Rabbinic Leadership

Rabbi Alana Alpert

Rabbi Alana, our visiting rabbi through August, 2017, leads many of our Shabbat services, and is also  available as a resource for congregants in other ways.

Alpert_photoRabbi Alpert graduated from Hebrew College in 2014, and is also a graduate of Avodah: The Jewish Service Corps and Activate! The Community Organizing Fellowship of Social Justice Leadership. Rabbi Alpert has worked as an organizer at NY Jobs with Justice and Jews for Racial and Economic Justice. She is the part-time rabbi at our neighbor Reconstructionist congregation, Congregation T’Chiyah, in the Detroit area. She has a passionate and well-lived commitment to community organizing and other social justice work, and is focusing at present on racial and economic justice in Detroit.

Rabbi Alpert received her BA in Community Studies from UC Santa Cruz, where she studied resistance and social movements and first learned about faith-based community organizing. Her 2014 rabbinic degree is from Hebrew College, where she co-founded the Liberatory Minyan, a place for rabbinical students to explore the nexus between prayer and activism. The burnout epidemic, which has led to increasing demand from social change-workers for spiritual counseling, inspired her capstone project “Like a Burning Bush: Jewish Practice for Activists.”  She also co-founded and directed Project Hayei Sarah, a community of emerging Jewish leaders speaking out about human rights abuses in Hebron, for five years.  You can read some of Rabbi Alpert’s writing here.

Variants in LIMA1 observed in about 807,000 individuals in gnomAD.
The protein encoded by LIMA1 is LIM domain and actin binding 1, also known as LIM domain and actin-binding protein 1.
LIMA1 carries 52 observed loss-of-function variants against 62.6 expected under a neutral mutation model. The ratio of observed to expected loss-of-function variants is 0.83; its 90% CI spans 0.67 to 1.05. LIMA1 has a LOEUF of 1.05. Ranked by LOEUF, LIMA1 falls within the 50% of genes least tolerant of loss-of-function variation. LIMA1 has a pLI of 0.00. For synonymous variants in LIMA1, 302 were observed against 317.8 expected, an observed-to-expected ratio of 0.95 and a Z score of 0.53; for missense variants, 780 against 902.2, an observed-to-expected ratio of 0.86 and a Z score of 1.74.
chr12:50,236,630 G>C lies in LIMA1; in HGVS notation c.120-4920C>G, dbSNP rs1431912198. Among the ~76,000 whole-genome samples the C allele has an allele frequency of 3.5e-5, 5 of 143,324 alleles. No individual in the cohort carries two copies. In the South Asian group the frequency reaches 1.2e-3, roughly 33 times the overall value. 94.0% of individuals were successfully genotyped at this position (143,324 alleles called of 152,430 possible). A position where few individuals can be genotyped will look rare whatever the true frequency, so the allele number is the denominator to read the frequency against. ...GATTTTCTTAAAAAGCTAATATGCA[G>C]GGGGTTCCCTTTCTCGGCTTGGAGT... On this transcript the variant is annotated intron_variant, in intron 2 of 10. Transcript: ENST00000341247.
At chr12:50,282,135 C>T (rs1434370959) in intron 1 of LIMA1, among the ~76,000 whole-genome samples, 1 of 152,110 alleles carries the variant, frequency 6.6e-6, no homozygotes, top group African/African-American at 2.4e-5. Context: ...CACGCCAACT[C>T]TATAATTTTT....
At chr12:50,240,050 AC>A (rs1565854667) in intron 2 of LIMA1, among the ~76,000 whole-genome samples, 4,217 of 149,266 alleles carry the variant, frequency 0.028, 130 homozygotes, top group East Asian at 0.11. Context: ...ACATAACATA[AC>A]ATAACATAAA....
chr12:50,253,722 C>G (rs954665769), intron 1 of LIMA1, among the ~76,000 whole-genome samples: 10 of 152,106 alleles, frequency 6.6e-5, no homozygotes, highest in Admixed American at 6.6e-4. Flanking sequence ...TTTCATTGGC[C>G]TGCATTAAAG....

Rabbi Ora Nitkin-Kaner

Ann Arbor Reconstructionist Congregation rabbi Ora Nitkin-Kaner

Rabbi Ora Nitkin-Kaner

The Board of AARC is thrilled to announce that Rabbi Ora Nitkin-Kaner (RRC ’16) will begin her tenure as our congregation’s rabbi on September 1, 2017.

Born and raised in Toronto, Canada, Rabbi Ora began her rabbinic studies in Philadelphia at the Reconstructionist Rabbinical College in 2011.

Rabbi Ora is spending 2016-17 in New Orleans in an intensive chaplaincy program. During her first time living in New Orleans, Rabbi Ora was a fellow of the Jewish service corps organization, Avodah, where she blogged on the intersections of Judaism and social justice organizing and worked with the organization Resurrection after Exoneration which was founded by death row exoneree  John “JT” Thompson.

Rabbi Ora uses her life experience as the granddaughter of Holocaust survivors to learn and teach about living with fear, loss and grief by practicing gratitude and taking action. Her dvar on Bechukotai is a beautiful contemplation on these themes.

Read more from Rabbi Ora here.